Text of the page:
PINA – Review by Susan Granger

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Oscar-nominated as Best Documentary, this exhilarating 3-D entry by German filmmaker Wim Wenders (“Wings of Desire,” “Buena Vista Social Club”) celebrates legendary choreographer Pina Bausch.

For nearly 10 years, Wenders, a founder of the German new wave, worked on the concept with Ms. Bausch and the Ensemble of the Tanztheater Wuppertal. But, as fate would have it, Bausch suddenly and unexpectedly died on June 30, 2009, at age 68, just days before production was scheduled to begin. After a period of mourning and extensive re-evaluation, Wenders decided to turn his focus on Pina’s uniquely innovative and highly stylized choreography.

Featured among the composed dance selections are “Café Muller,” “Le Sacre du Printemps,” “Vollmond” and “Kontakthof,” Pina’s four signature pieces which had already been prepared for filming before her untimely demise, along with archival footage of Bausch at work. What’s intriguing is her creative process. A compulsive choreographer, Bausch would pose questions, like a psychotherapist. Her graceful, multi-national dancers would answer, not in words, but with improvised gestures, movement and body language through which they could express their intimate emotions and remembered experiences. Following her example, Wenders asked each of Bausch’s distinctive dancers to convey their personal memories of Pina in bizarre solo performances, filming them in various indoor and outdoor locations around Wuppertal and in the countryside of Bergisches Land.

While American pop culture has been served “Step Up 3-D” and “Street Dance 3-D,” “Pina” is not only one of the first European 3-D movies but it is also the first art house film to utilize a technological format that’s been, perhaps, all too often squandered on shock, jump-out gimmicks – with the exception of “Avatar,” ”Harry Potter and the Deathly Hallows” and “Hugo.”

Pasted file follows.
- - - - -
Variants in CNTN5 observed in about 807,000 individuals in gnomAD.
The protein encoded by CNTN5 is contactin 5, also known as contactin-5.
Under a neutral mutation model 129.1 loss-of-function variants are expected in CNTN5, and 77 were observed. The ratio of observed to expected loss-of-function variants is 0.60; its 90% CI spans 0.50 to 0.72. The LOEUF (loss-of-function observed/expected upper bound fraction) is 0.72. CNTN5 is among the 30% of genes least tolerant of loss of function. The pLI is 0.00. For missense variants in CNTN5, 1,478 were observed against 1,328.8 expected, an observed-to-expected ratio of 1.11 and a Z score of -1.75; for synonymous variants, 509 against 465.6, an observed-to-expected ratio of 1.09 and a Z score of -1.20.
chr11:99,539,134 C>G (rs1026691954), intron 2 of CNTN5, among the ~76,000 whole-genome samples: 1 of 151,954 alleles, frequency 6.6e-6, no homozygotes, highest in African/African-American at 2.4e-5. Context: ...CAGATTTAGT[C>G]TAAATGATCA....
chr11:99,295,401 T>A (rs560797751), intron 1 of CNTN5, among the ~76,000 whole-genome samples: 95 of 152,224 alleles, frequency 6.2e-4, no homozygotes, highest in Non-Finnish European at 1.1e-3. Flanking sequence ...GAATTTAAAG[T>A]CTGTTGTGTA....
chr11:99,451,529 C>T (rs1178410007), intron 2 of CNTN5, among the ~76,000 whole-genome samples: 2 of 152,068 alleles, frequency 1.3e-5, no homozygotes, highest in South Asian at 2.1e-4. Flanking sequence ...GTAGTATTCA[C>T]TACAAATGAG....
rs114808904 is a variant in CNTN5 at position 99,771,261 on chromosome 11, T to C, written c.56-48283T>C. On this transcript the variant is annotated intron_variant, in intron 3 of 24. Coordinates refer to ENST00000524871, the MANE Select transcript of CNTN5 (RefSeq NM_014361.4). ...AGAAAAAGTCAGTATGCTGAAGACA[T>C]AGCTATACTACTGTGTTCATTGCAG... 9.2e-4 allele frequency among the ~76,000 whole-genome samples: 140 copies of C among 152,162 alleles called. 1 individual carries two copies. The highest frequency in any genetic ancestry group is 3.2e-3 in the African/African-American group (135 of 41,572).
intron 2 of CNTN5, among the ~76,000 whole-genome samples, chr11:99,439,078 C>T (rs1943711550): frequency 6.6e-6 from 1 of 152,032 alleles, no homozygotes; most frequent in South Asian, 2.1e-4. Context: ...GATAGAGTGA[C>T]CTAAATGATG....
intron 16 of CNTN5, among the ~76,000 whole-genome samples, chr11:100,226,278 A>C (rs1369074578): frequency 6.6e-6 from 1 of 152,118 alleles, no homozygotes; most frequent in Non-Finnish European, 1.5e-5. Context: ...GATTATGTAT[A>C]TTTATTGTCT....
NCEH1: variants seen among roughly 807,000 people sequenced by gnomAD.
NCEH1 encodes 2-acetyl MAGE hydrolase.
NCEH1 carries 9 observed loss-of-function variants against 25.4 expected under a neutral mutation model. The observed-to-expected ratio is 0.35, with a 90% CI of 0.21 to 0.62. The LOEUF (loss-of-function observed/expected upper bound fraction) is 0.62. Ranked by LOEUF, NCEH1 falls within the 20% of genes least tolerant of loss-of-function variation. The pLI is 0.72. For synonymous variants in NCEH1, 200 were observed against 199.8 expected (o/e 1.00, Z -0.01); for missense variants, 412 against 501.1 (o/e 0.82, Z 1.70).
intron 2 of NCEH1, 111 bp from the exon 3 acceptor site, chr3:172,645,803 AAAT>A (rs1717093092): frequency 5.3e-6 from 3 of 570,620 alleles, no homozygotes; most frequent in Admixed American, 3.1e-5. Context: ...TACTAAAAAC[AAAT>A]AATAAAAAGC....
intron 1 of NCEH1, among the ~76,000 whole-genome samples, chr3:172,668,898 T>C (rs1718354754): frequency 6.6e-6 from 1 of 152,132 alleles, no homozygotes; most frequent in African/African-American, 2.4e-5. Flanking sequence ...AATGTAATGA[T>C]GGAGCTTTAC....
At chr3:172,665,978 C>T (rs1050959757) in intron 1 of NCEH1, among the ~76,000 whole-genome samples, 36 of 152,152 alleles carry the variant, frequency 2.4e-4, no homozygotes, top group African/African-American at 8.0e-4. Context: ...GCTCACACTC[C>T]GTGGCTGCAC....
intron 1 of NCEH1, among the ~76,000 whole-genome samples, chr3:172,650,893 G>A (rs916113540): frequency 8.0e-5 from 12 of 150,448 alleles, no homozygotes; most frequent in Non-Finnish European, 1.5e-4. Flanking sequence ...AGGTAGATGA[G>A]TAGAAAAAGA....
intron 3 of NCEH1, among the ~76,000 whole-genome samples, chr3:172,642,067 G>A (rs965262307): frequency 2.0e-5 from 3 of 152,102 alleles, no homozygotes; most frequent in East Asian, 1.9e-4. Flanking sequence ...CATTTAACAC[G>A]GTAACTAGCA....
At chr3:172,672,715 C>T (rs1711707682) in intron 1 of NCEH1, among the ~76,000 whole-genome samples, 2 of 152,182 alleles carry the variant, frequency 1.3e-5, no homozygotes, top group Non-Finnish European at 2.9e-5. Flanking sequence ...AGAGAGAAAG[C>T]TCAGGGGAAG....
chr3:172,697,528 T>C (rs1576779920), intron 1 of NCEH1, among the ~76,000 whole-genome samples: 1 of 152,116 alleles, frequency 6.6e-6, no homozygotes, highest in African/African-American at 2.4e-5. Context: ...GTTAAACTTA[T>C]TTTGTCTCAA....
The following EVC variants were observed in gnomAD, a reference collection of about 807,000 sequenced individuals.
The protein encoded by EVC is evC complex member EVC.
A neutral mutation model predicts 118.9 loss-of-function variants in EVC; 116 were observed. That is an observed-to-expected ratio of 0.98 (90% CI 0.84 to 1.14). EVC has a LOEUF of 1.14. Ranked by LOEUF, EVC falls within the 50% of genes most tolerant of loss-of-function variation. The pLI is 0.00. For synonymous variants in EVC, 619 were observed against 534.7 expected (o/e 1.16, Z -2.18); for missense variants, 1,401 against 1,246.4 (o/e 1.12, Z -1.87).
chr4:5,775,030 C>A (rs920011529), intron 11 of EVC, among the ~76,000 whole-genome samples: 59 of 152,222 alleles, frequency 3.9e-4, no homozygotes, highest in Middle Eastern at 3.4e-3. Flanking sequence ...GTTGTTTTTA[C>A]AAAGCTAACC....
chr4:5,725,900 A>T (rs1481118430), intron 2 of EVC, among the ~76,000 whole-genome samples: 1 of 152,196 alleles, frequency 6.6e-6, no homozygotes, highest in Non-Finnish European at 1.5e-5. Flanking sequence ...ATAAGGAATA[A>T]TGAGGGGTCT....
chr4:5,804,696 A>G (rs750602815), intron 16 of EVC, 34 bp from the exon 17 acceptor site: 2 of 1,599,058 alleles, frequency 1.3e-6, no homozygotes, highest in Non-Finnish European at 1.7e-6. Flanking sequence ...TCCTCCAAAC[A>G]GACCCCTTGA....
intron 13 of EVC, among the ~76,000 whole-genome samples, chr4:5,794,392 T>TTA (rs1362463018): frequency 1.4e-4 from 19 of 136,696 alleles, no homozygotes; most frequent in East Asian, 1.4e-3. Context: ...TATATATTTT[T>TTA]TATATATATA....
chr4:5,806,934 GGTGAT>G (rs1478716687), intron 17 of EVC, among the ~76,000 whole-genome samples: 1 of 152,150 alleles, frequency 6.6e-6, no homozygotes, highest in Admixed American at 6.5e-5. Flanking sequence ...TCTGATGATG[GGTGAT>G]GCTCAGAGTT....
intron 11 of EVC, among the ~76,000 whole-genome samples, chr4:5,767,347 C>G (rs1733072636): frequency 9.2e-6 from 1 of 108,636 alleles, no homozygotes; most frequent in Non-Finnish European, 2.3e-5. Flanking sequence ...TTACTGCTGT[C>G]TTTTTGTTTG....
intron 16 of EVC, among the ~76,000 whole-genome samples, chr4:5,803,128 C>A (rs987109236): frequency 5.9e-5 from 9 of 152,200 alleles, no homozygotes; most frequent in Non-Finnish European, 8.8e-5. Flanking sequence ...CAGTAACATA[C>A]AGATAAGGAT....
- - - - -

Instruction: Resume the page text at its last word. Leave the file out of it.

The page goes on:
Unfortunately, however, Wenders’ documentary never reveals any personal or background information, as unidentified dancers pay tribute to their leader who departed to “dance in the clouds” in reverent voice-overs and talking heads.

In German, French and English with English subtitles, on the Granger Movie Gauge of 1 to 10, “Pina” is an exciting, if elusive 8, especially for dance enthusiasts.

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Susan Granger

Susan Granger is a product of Hollywood. Her natural father, S. Sylvan Simon, was a director and producer at R.K.O., M.G.M. and Columbia Pictures; her adoptive father, Armand Deutsch, produced movies at M.G.M. As a child, Susan appeared in movies with Abbott & Costello, Red Skelton, Lucille Ball, Margaret O'Brien and Lassie. She attended Mills College in California, studying journalism with Pierre Salinger, and graduated from the University of Pennsylvania, Phi Beta Kappa, with highest honors in journalism. During her adult life, Susan has been on radio and television as an anchorwoman and movie/drama critic. Her newspaper reviews have been syndicated around the world, and she has appeared on American Movie Classics cable television. In addition, her celebrity interviews and articles have been published in REDBOOK, PLAYBOY, FAMILY CIRCLE, COSMOPOLITAN, WORKING WOMAN and THE NEW YORK TIMES, as well as in PARIS MATCH, ELLE, HELLO, CARIBBEAN WORLD, ISLAND LIFE, MACO DESTINATIONS, NEWS LIMITED NEWSPAPERS (Australia), UK DAILY MAIL, UK SUNDAY MIRROR, DS (France), LA REPUBBLICA (Italy), BUNTE (Germany), VIP TRAVELLER (Krisworld) and many other international publications through SSG Syndicate. Susan also lectures on the "Magic and Mythology of Hollywood" and "Don't Take It Personally: Conquering Criticism and other Survival Skills," originally published on tape by Dove Audio.